It is, however, worth remembering that there was no overarching plan, with much of Stresemann’s proposals driven the needs of the moment. Ultimately, it was not until 1936 that he could consider implementing any more serious reforms. For the survival of a National Community required ending the Depression.

Germany’s economic recovery began soon after the banking crisis of 1931. With the implementation of currency controls and a moratorium on reparations, Stresemann took advantage of the opportunity to create an inflationary money supply. The German government rapidly began putting unemployed workers to work on projects across Germany. The government built canals, power plants, schools, and even began construction on Germany’s now famous autobahns [3], financed through a variety of ingenious schemes. The effects of Stresemann’s programs were soon felt, and by the middle of 1933 unemployment had been reduced to three million [4], and by the beginning of 1936 was down to two million. More than anything else, it was Stresemann’s success at restoring the economy that brought his government success, and, ultimately support. Yet in the long run, how Stresemann combated the Depression was as important as his success at doing so, for his actions led to Germany’s world renowned auto industry and helped give birth to the computer revolution.

On June 3, September 1933, Stresemann turned the first sod on the first stretch of the Hamburg to Basel motorway, and by 1938 thousands of miles of roadways had been built, crisscrossing Germany like arteries . Built in a modernist style that Stresemann ironically hated, they symbolized the mastery of technology over nature, and, with the People’s Cars that began to dot the roads, the German people’s triumph over poverty. Stresemann also promoted car races and authorized tax cuts on car purchases, leading to the quadrupling of car production by 1935. [5]

Yet Stresemann also used tax cuts in other ways, notably to solve the unemployment problem among the graduates of Germany’s universities. [6] Afraid that the Depression would diminish interest in the sciences, he passed legislation giving companies tax cuts for hiring engineers and scientists coming out of Germany’s universities. While these are not solely responsible for the renaissance in German engineering in the latter half of the 1930s, with the discovery of the transistor and mass production of televisions, given the predominance of younger engineers in electronics, it is fair to say that Stresemann’s policy laid the foundation for much of Germany’s electronics industry. [7]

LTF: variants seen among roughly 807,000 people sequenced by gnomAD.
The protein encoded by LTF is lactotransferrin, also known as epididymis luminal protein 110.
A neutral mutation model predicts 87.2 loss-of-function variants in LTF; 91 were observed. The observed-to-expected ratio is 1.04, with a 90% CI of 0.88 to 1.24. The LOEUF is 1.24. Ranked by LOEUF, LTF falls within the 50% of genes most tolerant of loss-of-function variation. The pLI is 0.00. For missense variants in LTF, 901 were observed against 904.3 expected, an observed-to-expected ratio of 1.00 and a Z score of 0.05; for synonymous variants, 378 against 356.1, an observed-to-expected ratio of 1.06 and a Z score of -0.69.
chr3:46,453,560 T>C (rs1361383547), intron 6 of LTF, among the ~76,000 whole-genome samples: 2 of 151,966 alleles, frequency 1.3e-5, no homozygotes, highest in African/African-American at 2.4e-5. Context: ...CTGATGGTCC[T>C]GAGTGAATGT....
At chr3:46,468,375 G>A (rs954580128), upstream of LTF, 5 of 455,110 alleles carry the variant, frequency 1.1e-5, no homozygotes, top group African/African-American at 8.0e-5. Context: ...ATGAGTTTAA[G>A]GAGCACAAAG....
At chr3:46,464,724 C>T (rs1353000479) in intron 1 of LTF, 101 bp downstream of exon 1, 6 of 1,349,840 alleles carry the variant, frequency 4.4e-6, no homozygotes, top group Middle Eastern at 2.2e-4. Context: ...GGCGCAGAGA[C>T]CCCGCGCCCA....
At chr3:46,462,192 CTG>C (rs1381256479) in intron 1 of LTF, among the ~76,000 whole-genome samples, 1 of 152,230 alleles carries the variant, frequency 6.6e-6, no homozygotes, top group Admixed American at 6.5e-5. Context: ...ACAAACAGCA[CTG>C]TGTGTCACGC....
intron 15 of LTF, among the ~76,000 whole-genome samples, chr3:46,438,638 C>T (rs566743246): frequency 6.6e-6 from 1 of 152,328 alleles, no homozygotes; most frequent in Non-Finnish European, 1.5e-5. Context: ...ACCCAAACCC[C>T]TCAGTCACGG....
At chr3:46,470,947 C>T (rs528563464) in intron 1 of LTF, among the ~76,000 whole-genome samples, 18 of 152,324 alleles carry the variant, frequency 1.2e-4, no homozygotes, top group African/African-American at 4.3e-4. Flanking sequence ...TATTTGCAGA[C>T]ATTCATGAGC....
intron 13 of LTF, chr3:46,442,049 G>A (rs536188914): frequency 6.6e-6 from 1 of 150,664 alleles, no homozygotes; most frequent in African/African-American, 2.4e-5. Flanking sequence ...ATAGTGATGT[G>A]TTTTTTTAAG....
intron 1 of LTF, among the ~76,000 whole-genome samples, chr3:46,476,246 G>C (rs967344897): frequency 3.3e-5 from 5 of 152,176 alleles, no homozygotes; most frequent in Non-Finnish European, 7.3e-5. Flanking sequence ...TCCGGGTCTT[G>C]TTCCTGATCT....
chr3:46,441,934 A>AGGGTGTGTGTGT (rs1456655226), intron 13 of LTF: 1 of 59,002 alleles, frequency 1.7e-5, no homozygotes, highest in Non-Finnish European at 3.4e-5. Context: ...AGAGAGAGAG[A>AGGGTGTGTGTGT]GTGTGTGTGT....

Yet there was one major failure in Streseman’s policy, and that was the agricultural sector. Stresemann was never comfortable amidst farmers the DVP had drawn its support from the great cities, from merchants in Hamburg and businessmen in Berlin, and he was unfamiliar with their conditions. Moreover, subsidizing German agriculture by promoting autarky would have risked a tariff war that threatened Germany’s foreign trade, as well as raising costs for urban consumers. Although Stresemann supported programs to give farmers low interest loans, cheap fertilizer, and cheap labor, agriculture failed to recover as rapidly as the rest of the German economy. Given this situation, it is no surprise that many in the countryside to vote for nationalist parties.

Stresemann also continued to irritate Germany’s industrialists with his support for the cornerstones of the Weimar state. The Republic’s social security network remained in place, as did its system of collective wage agreements, trade unions, and state arbitration in industrial disputes. Although many industrialists were satisfied with Stresemann’s handling of economic recovery, they thought he was too sympathetic to the unions. For Stresemann, however, supporting the cornerstone of democracy by ensuring that workers received a square deal wasn’t something that troubled him in the slightest.

Still, as 1936 dawned, Stresemann could look with satisfaction on what he had done. Stresemann had brought his nation out of the Depression and restored its place in European affairs, with many calling him the Second Bismarck. And like Bismarck, he recognized that there were some changes to be made to map of Europe.